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AML Guide for the Crypto Industry

Financial institutions are subject to AML regulations because they face a direct risk of being abused for money laundering and terrorist financing. This guide will detail all of the regulations that apply to the Crypto industry as well as how they should be reflected in their business operations.

The New Risks posed by Crypto

As cryptocurrency continues to evolve, it is clear that it has given rise to a new way for criminals to use technology for money laundering and terrorist financing. Since currency exchanges happen virtually and anonymously, it is very easy for them to cover their tracks – creating an appealing opportunity for them to transfer illicit funds. 

Cryptocurrency also has created new ways to fund terrorism since transferring laundered funds across borders is now as simple as the click of a button. It is also very cheap to transfer funds internationally, making it an appealing alternative for criminals over the traditional banking system.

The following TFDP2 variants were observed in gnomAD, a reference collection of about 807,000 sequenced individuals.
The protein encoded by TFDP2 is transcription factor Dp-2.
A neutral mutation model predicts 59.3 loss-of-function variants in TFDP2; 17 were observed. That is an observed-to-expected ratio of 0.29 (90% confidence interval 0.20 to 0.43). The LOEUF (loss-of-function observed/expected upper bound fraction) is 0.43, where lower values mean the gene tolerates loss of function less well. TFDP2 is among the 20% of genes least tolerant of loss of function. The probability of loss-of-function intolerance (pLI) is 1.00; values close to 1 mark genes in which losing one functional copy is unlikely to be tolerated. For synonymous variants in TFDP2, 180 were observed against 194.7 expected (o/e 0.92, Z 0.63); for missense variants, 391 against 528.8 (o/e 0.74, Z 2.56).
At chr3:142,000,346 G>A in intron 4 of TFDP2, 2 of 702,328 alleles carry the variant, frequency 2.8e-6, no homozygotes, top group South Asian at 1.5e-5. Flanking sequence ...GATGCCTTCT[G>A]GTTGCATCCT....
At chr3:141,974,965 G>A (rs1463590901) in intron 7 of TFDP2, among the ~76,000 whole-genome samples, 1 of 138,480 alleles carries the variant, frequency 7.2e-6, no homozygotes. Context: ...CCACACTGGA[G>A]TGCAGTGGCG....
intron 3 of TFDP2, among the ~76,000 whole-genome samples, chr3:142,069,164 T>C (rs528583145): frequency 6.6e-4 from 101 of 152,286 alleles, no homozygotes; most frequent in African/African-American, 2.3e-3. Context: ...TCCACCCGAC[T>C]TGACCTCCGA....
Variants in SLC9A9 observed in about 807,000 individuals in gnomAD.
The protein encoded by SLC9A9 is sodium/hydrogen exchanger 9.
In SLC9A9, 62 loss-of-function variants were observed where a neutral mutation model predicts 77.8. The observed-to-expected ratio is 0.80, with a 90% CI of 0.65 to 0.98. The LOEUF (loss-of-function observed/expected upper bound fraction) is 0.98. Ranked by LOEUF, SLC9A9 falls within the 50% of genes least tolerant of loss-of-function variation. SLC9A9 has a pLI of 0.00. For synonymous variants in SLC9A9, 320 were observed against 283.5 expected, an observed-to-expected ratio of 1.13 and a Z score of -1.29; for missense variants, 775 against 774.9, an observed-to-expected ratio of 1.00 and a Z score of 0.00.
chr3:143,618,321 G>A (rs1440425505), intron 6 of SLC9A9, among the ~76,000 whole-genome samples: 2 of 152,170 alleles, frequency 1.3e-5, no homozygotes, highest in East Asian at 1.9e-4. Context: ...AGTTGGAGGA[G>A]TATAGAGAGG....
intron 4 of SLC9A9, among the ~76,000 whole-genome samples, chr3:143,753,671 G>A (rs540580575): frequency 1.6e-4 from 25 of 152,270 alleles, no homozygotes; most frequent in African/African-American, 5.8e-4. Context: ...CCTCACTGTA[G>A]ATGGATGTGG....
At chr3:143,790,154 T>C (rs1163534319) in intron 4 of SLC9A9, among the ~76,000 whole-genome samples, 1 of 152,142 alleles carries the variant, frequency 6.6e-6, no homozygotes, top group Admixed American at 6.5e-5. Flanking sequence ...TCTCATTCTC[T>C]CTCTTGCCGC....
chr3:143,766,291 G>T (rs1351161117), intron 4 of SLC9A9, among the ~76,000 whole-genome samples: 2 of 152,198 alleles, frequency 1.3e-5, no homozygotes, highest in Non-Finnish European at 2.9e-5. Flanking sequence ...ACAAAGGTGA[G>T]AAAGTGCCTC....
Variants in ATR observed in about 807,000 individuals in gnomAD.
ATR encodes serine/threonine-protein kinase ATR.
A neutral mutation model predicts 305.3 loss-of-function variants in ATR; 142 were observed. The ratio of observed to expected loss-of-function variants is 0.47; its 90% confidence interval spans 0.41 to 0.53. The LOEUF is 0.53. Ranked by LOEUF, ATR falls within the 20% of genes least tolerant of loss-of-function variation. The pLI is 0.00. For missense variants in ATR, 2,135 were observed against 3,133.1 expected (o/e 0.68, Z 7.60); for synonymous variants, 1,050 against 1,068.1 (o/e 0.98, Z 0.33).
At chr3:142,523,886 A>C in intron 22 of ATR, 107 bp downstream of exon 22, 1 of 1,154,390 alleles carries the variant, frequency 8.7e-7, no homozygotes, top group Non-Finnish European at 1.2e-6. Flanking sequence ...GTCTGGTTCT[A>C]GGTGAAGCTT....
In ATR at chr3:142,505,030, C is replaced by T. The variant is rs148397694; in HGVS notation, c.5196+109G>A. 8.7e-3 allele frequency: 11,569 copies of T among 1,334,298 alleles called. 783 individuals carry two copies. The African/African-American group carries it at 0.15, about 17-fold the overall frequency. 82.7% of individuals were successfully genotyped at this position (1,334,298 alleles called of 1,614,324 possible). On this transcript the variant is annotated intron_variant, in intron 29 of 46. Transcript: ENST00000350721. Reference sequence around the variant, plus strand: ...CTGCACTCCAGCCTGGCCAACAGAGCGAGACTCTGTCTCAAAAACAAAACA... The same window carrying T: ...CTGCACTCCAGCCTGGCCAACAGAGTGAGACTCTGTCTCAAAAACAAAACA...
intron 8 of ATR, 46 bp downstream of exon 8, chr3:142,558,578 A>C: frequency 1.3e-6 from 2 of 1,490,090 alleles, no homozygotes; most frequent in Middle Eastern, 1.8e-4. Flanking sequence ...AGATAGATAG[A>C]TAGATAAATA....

To combat this growing problem, regulators around the world are tightening restrictions and implementing regulations to ensure the anti-money laundering procedures are in place as required. A robust AML program allows organizations to prevent and detect illegal activities and reduce the occurrence of financial crimes. 

Understanding AML Regulations

In 2019, the Financial Action Task Force, or FATF, issued guidance regarding AML regulations for virtual asset providers. They require that they apply a risk-based approach and implement an AML process, just like any other financial institution is required to do. 

The goal of these regulations is to encourage transparency within the virtual transaction world and minimize the ability of criminals to use cryptocurrency exchanges for money laundering and terrorist financing. 

Here are some of the operational aspects that crypto and fintech companies must implement to remain compliant with AML regulations:

Registration Requirements